Sobin delivers an antidote to Julieta in the form of Magalie, Cassabacs drunk and dissolute younger cousin. The Fly-Truffler is such a wonderful conjuring of a sleepy, poetic Provence that Magalies sudden appearance near the end of the book is like a welcome bucket of cold water. She has come to Cassabac with a problem, and the bereaved professor anxious to return to his dreams does everything he can just to be rid of her.

With Magalie out of the way, Cassabacs "dream life came to invade, and finally, overcome the impoverishment of his day-to-day awakened existence." But the novel doesnt make it easy to dismiss Cassabac as having gone completely mad. His dreams, buoyed by the power of Sobins language, are vivid enough to make his obsession with them comprehensible. This becomes especially clear when we realize even if Cassabac does not what is happening to the land he has given up to keep his dreams alive. He is completely oblivious to the bulldozers converting his former estate into a "rambling eighteen-hole, obstacle-free golf course... Le Golf des Anciens Domaines (Club Priv)."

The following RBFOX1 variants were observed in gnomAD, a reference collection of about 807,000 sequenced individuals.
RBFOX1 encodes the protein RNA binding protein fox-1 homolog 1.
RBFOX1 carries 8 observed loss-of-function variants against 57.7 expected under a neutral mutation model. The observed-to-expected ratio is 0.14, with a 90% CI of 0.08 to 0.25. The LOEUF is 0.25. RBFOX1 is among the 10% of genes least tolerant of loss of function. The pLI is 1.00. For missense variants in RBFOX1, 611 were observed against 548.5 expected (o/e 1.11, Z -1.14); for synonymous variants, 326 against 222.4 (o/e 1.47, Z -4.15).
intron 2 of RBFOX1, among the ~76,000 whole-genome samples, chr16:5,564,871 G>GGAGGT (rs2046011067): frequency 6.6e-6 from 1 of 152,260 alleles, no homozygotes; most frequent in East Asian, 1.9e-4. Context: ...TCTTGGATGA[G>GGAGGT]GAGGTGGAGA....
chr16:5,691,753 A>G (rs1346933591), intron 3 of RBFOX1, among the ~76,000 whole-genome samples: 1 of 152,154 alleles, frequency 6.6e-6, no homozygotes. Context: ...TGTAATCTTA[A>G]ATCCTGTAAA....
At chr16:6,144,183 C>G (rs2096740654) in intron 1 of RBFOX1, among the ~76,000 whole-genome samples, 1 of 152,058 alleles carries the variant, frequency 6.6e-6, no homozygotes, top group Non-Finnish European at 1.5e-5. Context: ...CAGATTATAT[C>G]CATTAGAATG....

No modern book set in Provence would be complete without some form of nostalgia. It has become a region defined (some would say ruined) by its popularity. Sobin, who has lived in the region for thirty-seven years, has written an imaginative and impressive celebration of what made the region such a hot destination, but he has also conveyed how little of that place is left. What it once was, in fact, may today be little more than a dream.

 

ABOUT THE AUTHOR
GUSTAF SOBIN '57
In the thirty-seven years he has lived in Provence, Gustaf Sobin has seen a lot of changes, none of them, he says, for the better. Sobin chose to flee New England and move to France a few years after his graduation, in the hope, he says, of escaping the stuffy American culture of the day. "Moving to Provence was like reconnecting with an archaic culture," he says. However, in recent years, books such as Peter Mayles A Year in Provence have brought about many changes in the image of the region. According to Sobin, Mayles book "paints Provence as a kind of yuppie paradise." Sobin hopes that if The Fly-Truffler brings any more tourists to the region, at least they, like the truffler, will see below the surface to a truer vision of Provence. Amy Lichtenbaum 01